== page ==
Self-Serving Bias
The tendancy to attribute one's success to personal factors and one's failures to situational factors.
Involves putting personal goals ahead of group goals and defining one's identity in terms of personal attributes rather than group memberships.
Putting group goeals ahead of personal goals and defining one's identity in terms of the groups one belongs to.
Interpersonal Attraction
Refers to positive feelings toward another. EX/ Liking, friendship, admiration, lust, and love.
Matching Hypothesis
Males and females of approximately equal physical attractiveness are likely to select each other as partners.
Liking those who show that they like you.
Passionate Love
A complete absorption in another that includes tender sexual feelings and the agony and ecstasy of intense emotion.
Compasionate Love
Warm, trusting, tolerant affection for another whose life is deeply intertwined with one's own.
Positive or negative evaluations of objects of thought.
Cognitive Disownance
Exists when related cognitions are inconsistent--that is, when they contritict each other.
Elaboration Likelihood Model
There are two basic "routes" to pursuasion. The central route is taken when people carefully ponder the content and logic of persuasive messages. The peripheral route is taken when persuasion depends on nonmessage factors, such as the attractiveness and credibility of the source, or on conditioned emotional responses. The central route to persuasion leads to more enduring attitude change than the peripheral route.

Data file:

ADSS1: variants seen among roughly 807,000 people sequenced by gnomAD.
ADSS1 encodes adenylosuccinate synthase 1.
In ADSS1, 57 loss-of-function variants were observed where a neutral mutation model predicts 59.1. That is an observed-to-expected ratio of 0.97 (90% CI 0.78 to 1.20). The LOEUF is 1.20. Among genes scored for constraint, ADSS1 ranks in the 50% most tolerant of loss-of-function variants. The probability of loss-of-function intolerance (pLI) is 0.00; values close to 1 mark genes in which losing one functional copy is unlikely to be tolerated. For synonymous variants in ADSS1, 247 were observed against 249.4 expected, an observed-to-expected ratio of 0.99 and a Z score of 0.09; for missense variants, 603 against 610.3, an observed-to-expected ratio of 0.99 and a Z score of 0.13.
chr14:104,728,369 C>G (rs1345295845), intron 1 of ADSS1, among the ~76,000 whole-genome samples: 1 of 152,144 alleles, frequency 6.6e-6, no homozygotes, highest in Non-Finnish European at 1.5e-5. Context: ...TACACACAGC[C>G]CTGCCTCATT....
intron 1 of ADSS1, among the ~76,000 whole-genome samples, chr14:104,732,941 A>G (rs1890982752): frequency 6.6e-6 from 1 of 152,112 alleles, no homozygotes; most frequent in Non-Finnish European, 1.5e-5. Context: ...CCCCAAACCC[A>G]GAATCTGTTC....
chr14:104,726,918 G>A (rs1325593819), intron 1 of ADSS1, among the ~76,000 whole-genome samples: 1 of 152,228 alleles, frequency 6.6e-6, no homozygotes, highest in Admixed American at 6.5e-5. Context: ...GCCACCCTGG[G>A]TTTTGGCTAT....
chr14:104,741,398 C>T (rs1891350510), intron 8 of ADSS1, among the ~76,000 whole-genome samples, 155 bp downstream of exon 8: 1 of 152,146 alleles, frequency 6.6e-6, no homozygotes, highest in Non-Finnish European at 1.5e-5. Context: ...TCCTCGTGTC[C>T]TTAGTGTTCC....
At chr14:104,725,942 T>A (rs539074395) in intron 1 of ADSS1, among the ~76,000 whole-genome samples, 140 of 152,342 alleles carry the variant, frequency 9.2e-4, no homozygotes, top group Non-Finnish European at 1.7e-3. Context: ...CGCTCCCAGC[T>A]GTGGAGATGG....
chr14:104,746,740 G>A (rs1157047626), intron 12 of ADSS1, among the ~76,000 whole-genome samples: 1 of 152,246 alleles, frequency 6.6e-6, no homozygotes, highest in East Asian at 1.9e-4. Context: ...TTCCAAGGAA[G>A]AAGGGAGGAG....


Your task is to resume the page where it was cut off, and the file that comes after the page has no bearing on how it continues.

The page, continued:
When people yeild to real or imagined social pressure.
A form of compliance that occurs when people follow direct commands, usually from someone in a position of authority.
Bystander Effect
People are less likely to provide needed help when they are in groups than when they are alone.
Social Loafing
A reduction in effort by individuals when they work in groups as compared to when they work by themselves.
Group Polarization
Occurs when group discussion strengthens a groups' dominant point of view and produces a shift toward a more extreme decision in that direction.
Occurs when members of a cohesive (organized) group emphasize concurrence (agreement) at the expense of critical thinking in arriving at a decision.
Group Cohesiveness
The strength of the liking relationships linking group members to each other and to the group itself.
A negative attitude held toward members of a group.
Behaving differently, usually unfairly, toward the members of a group.
Getting people to agree to a small request to increase the chances that they will agree to a larger request later. EX/ Groups seeking donations often ask people to simply sign a petition first.
Reciprocity Norm
The rule that we should pay back in kind what we receive from others. EX/ Give something of minimal value in the hopes of getting far more in return.
Lowball Technique
Getting someone to commit to a seemingly attractive proposition before its hidden costs are revealed.